Asteroids and Meteors


An asteroid belt is a ring of rocks. The rocks are called asteroids. There is an asteroid belt situated between Jupiter and Mars. It looks a like a torus and has over 200 asteroids that are larger than 100km in diameter. There are between 1 and 2 million asteroids larger than 1 km in diameter and there are many millions of smaller ones too. The biggest object in the belt is called Ceres, Ceres is the asteroid belts only dwarf planet. Ceres is about 950km in diameter, less than half the size of Pluto. The average distance between asteroids is 600 000 miles (966 000km). Asteroids are grouped into 3 types. The C-Type (chondrite) asteroids are made of clay and silicate rocks. They make up 75% of the known asteroids, and are generally darker in colour. The M-Type (metallic) asteroids consist of iron and nickel. These are bright asteroids and make up 17% of the known asteroids. The S-Type (stony) are silicate materials and nickel-iron. They make up 8% of known asteroids.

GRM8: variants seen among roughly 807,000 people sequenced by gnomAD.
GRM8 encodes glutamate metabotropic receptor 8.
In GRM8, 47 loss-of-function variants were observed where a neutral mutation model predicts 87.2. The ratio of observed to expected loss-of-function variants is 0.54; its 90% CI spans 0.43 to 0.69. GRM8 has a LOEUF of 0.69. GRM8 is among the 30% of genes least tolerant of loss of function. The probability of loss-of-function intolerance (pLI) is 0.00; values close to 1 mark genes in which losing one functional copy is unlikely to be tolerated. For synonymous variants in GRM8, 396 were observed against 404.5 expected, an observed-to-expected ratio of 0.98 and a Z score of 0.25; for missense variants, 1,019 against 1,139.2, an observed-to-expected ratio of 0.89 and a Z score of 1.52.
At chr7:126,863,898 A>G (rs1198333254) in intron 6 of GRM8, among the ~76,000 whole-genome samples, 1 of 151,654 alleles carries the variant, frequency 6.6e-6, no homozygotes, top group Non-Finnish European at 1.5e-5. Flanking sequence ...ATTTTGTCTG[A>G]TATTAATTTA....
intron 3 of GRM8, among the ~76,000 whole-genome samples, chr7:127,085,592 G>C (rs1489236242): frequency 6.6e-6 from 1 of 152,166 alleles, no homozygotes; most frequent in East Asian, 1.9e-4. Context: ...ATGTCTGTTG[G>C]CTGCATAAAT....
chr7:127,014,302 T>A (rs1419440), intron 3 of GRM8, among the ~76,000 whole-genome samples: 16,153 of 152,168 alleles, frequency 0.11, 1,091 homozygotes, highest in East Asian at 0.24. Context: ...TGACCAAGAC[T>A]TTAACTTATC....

Not all rocks in our solar system are asteroids though, meteoroids are smaller rocks found throughout our solar system. Meteoroids can be part of asteroids that have broken off.  They can be as small as a grain of sand and normally burn up in the atmosphere. When a meteoroid enters the atmosphere it becomes a meteor. If that meteor hits earth it becomes a meteorite.

Near the end of 2017 astronomers spotted a mysterious rock-like thing flying through our solar system. It was named Oumuamua, the Hawaiian word for ‘scout’. At first astronomers believed that it was an asteroid. The mysterious thing about Oumuamua is that when it went past the sun, it turned, as if slingshoted by the sun’s gravity. Astronomers knew that this would be impossible, since Oumuamua was moving to fast to be under the control of the sun’s gravity (70 000 mph). There are multiple theories for the mysterious movement. The most likely of these is that solar radiation pressure may have moved the object. Although another popular theory is that it was an alien spaceship.

Post Author: Daniel McKean